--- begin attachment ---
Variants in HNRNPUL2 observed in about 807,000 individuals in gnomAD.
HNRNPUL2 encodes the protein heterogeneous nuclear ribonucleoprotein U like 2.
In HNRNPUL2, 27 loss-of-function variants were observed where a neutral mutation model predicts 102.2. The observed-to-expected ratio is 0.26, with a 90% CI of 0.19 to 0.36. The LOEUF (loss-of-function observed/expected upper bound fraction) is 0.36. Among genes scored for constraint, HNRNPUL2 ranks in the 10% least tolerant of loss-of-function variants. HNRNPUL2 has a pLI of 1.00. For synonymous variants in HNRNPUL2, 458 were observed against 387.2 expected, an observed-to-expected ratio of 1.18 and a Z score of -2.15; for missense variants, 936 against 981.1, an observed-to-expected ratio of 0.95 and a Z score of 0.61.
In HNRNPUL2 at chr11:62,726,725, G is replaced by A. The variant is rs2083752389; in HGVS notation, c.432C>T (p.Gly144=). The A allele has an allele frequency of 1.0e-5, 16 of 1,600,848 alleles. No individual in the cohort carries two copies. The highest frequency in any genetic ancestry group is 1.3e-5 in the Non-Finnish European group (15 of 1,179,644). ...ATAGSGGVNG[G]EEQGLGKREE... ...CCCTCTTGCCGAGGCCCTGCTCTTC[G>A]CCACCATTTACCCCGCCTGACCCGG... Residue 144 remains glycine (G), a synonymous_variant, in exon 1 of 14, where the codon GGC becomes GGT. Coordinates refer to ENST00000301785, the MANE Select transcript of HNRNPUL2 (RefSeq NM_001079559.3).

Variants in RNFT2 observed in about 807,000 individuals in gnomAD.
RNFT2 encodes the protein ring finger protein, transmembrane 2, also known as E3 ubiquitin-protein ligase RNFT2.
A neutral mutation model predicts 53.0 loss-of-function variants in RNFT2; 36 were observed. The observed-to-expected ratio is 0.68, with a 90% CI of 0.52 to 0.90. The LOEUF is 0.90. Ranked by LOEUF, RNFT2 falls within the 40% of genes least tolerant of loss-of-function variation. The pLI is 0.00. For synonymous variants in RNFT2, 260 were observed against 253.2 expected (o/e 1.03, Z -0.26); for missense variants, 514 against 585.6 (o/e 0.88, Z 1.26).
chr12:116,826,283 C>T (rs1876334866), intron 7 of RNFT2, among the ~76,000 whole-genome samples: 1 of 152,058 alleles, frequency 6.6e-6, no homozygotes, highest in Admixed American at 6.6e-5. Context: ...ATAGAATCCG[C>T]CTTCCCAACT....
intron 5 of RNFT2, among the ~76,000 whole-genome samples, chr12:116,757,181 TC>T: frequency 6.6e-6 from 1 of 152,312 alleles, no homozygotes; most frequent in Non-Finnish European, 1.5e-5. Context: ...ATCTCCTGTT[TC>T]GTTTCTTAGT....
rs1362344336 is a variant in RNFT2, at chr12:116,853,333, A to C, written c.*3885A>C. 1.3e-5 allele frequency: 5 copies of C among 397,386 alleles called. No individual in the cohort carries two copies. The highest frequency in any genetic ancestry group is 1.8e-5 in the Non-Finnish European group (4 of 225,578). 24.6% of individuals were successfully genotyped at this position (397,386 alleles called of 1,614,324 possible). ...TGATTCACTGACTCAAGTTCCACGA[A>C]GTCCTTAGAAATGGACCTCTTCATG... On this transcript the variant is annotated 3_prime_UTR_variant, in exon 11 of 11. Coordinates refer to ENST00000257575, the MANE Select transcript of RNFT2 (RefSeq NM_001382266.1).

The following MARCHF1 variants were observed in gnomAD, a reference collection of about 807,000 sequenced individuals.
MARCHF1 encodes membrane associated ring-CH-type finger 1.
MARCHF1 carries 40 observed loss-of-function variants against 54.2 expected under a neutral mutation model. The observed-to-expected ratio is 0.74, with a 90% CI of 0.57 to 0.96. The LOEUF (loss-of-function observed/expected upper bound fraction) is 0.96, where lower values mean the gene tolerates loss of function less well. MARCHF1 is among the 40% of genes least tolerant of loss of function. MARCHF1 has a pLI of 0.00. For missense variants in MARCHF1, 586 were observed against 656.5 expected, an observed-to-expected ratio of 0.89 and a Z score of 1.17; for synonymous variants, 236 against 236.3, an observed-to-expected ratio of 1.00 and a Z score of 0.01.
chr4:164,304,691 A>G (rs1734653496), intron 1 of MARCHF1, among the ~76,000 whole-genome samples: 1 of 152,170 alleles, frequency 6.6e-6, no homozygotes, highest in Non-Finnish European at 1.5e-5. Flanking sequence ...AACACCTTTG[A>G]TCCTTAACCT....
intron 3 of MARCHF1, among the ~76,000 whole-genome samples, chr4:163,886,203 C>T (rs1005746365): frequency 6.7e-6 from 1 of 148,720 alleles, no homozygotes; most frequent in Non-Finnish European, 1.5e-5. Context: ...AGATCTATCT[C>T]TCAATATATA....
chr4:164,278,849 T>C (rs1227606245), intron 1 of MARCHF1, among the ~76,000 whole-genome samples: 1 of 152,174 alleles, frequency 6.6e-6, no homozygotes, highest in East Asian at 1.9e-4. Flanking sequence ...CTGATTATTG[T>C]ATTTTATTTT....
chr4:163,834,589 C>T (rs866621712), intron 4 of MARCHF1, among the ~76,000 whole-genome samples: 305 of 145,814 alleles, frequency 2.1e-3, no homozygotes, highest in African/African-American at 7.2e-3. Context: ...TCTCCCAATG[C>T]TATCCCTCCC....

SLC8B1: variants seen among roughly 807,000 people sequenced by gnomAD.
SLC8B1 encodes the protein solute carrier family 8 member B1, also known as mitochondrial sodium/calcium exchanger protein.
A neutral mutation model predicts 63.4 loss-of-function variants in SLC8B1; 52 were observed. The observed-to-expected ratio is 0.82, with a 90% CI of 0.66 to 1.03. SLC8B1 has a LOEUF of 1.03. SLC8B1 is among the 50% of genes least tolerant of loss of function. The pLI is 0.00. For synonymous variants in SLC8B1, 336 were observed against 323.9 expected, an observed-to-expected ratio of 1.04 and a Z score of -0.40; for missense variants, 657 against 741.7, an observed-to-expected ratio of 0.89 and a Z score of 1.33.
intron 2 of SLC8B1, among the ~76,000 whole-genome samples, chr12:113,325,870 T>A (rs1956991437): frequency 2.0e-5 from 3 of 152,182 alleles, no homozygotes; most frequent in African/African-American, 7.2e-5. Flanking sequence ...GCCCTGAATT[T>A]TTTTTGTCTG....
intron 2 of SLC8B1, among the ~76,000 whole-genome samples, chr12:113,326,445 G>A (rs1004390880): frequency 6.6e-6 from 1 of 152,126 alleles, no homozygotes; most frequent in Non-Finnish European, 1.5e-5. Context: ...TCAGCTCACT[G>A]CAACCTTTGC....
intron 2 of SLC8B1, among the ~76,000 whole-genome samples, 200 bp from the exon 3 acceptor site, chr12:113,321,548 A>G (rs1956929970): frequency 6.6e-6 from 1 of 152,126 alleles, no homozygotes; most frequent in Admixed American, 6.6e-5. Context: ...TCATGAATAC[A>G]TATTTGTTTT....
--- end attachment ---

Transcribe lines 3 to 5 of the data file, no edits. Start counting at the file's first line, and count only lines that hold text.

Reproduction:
In HNRNPUL2, 27 loss-of-function variants were observed where a neutral mutation model predicts 102.2. The observed-to-expected ratio is 0.26, with a 90% CI of 0.19 to 0.36. The LOEUF (loss-of-function observed/expected upper bound fraction) is 0.36. Among genes scored for constraint, HNRNPUL2 ranks in the 10% least tolerant of loss-of-function variants. HNRNPUL2 has a pLI of 1.00. For synonymous variants in HNRNPUL2, 458 were observed against 387.2 expected, an observed-to-expected ratio of 1.18 and a Z score of -2.15; for missense variants, 936 against 981.1, an observed-to-expected ratio of 0.95 and a Z score of 0.61.
In HNRNPUL2 at chr11:62,726,725, G is replaced by A. The variant is rs2083752389; in HGVS notation, c.432C>T (p.Gly144=). The A allele has an allele frequency of 1.0e-5, 16 of 1,600,848 alleles. No individual in the cohort carries two copies. The highest frequency in any genetic ancestry group is 1.3e-5 in the Non-Finnish European group (15 of 1,179,644). ...ATAGSGGVNG[G]EEQGLGKREE... ...CCCTCTTGCCGAGGCCCTGCTCTTC[G>A]CCACCATTTACCCCGCCTGACCCGG... Residue 144 remains glycine (G), a synonymous_variant, in exon 1 of 14, where the codon GGC becomes GGT. Coordinates refer to ENST00000301785, the MANE Select transcript of HNRNPUL2 (RefSeq NM_001079559.3).

Variants in RNFT2 observed in about 807,000 individuals in gnomAD.